Bollywood Masala DefinitionSource(Google.com.pk)
In the late 1960s and early 1970s, romance movies and action films starred actors like Rajesh Khanna, Dharmendra, Sanjeev Kumar and Shashi Kapoor and actresses like Sharmila Tagore, Mumtaz and Asha Parekh. In the mid-1970s, romantic confections made way for gritty, violent films about gangsters (see Indian mafia) and bandits. Amitabh Bachchan, the star known for his "angry young man" roles, rode the crest of this trend with actors like Mithun Chakraborty and Anil Kapoor, which lasted into the early 1990s. Actresses from this era included Hema Malini, Jaya Bachchan and Rekha.
Some Hindi filmmakers such as Shyam Benegal continued to produce realistic Parallel Cinema throughout the 1970s, alongside Mani Kaul, Kumar Shahani, Ketan Mehta, Govind Nihalani and Vijaya Mehta.However, the 'art film' bent of the Film Finance Corporation came under criticism during a Committee on Public Undertakings investigation in 1976, which accused the body of not doing enough to encourage commercial cinema. The 1970s thus saw the rise of commercial cinema in the form of enduring films such as Sholay (1975), which solidified Amitabh Bachchan's position as a lead actor. The devotional classic Jai Santoshi Ma was also released in 1975.Another important film from 1975 was Deewar, directed by Yash Chopra and written by Salim-Javed. A crime film pitting "a policeman against his brother, a gang leader based on real-life smuggler Haji Mastan", portrayed by Amitabh Bachchan, it was described as being “absolutely key to Indian cinema” by Danny Boyle.The most internationally acclaimed Hindi film of the 1980s was Mira Nair's Salaam Bombay! (1988), which won the Camera d'Or at the 1988 Cannes Film Festival and was nominated for the Academy Award for Best Foreign Language Film.
During the late 1980s and early 1990s, the pendulum swung back toward family-centric romantic musicals with the success of such films as Qayamat Se Qayamat Tak (1988), Maine Pyar Kiya (1989), Hum Aapke Hain Kaun (1994) and Dilwale Dulhania Le Jayenge (1995), making stars out of a new generation of actors (such as Aamir Khan, Salman Khan and Shahrukh Khan) and actresses (such as Sridevi, Madhuri Dixit, Juhi Chawla and Kajol).In that point of time, action and comedy films were also successful, with actors like Govinda and actresses such as Raveena Tandon and Karisma Kapoor appearing in popular comedy films, and stunt actor Akshay Kumar gaining popularity for performing dangerous stunts in action films.Furthermore, this decade marked the entry of new performers in arthouse and independent films, some of which succeeded commercially, the most influential example being Satya (1998), directed by Ram Gopal Varma and written by Anurag Kashyap. The critical and commercial success of Satya led to the emergence of a distinct genre known as Mumbai noir,urban films reflecting social problems in the city of Mumbai.This led to a resurgence of Parallel Cinema by the end of the decade. These films often featured actors like Nana Patekar, Manoj Bajpai, Manisha Koirala, Tabu and Urmila Matondkar, whose performances were usually critically acclaimed.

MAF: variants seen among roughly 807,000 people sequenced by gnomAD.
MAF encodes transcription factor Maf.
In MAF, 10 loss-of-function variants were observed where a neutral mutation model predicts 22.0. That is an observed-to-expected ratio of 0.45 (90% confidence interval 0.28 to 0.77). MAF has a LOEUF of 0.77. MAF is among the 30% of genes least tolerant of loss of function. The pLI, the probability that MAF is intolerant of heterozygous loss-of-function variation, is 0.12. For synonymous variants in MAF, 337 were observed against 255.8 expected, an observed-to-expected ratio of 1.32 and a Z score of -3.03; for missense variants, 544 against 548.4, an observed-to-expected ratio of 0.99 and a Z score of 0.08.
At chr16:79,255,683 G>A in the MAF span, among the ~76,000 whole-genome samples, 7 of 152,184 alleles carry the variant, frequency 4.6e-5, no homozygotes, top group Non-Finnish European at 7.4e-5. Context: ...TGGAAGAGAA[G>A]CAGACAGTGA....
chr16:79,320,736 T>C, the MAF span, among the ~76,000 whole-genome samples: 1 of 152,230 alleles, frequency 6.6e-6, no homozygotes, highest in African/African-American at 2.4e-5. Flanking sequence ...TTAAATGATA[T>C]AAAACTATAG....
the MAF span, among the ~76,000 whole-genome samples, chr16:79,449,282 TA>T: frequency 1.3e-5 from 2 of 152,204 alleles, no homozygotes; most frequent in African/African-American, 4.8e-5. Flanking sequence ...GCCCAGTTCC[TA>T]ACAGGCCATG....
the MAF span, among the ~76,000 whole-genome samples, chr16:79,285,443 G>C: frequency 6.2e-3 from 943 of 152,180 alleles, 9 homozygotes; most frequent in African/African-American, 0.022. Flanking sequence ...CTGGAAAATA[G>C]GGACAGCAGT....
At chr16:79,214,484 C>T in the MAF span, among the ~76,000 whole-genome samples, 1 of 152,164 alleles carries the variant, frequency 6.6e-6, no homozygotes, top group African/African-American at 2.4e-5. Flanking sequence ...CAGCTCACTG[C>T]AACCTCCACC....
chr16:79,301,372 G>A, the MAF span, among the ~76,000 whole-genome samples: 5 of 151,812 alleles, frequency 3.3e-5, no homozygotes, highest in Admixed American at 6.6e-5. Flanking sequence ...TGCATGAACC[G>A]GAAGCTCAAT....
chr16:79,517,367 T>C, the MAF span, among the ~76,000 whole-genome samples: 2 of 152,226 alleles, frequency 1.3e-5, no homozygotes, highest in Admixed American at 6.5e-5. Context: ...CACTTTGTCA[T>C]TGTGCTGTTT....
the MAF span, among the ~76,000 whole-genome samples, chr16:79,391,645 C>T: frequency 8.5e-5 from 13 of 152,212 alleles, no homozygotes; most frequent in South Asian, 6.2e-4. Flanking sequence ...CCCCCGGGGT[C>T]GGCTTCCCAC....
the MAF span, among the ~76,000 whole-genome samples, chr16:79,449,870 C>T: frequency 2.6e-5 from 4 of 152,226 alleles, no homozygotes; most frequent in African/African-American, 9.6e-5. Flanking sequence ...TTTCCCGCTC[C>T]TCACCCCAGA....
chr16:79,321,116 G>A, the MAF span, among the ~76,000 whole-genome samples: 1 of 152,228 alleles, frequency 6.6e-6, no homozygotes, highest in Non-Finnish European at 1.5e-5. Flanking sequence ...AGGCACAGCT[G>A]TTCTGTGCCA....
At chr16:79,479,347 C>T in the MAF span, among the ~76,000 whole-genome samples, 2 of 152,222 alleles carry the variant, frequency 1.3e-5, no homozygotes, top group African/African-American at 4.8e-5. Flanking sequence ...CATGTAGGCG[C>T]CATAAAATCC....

The 2000s saw a growth in Bollywood's popularity in the world. This led the nation's filmmaking to new heights in terms of quality, cinematography and innovative story lines as well as technical advances in areas such as special effects, animation, and so on. Some of the largest production houses, among them Yash Raj Films and Dharma Productions were the producers of new modern films.The opening up of the overseas market, more Bollywood releases abroad and the explosion of multiplexes in big cities, led to wider box office successes in India and abroad, including Lagaan (2001), Devdas (2002), Koi... Mil Gaya (2003), Kal Ho Naa Ho (2003), Veer-Zaara (2004), Rang De Basanti (2006), Lage Raho Munnabhai (2006), Krrish (2006), Dhoom 2 (2006), Om Shanti Om (2007), Chak De India (2007), Rab Ne Bana Di Jodi (2008), Ghajini (2008), 3 Idiots (2009), My Name is Khan (2010), and Dabangg (2010) delivering a new generation of popular actors (Hrithik Roshan, Abhishek Bachchan) and actresses (Aishwarya Rai, Preity Zinta, Rani Mukerji, Kareena Kapoor, Priyanka Chopra and Vidya Balan), and keeping the popularity of actors of the previous decade. Among the mainstream films, Lagaan won the Audience Award at the Locarno International Film Festival and was nominated for Best Foreign Language Film at the 74th Academy Awards, while Devdas and Rang De Basanti were both nominated for the BAFTA Award for Best Foreign Language Film.
The Hindi film industry has preferred films that appeal to all segments of the audience (see the discussion in Ganti, 2004, cited in references), and has resisted making films that target narrow audiences. It was believed that aiming for a broad spectrum would maximise box office receipts. However, filmmakers may be moving towards accepting some box-office segmentation, between films that appeal to rural Indians, and films that appeal to urban and overseas audiences.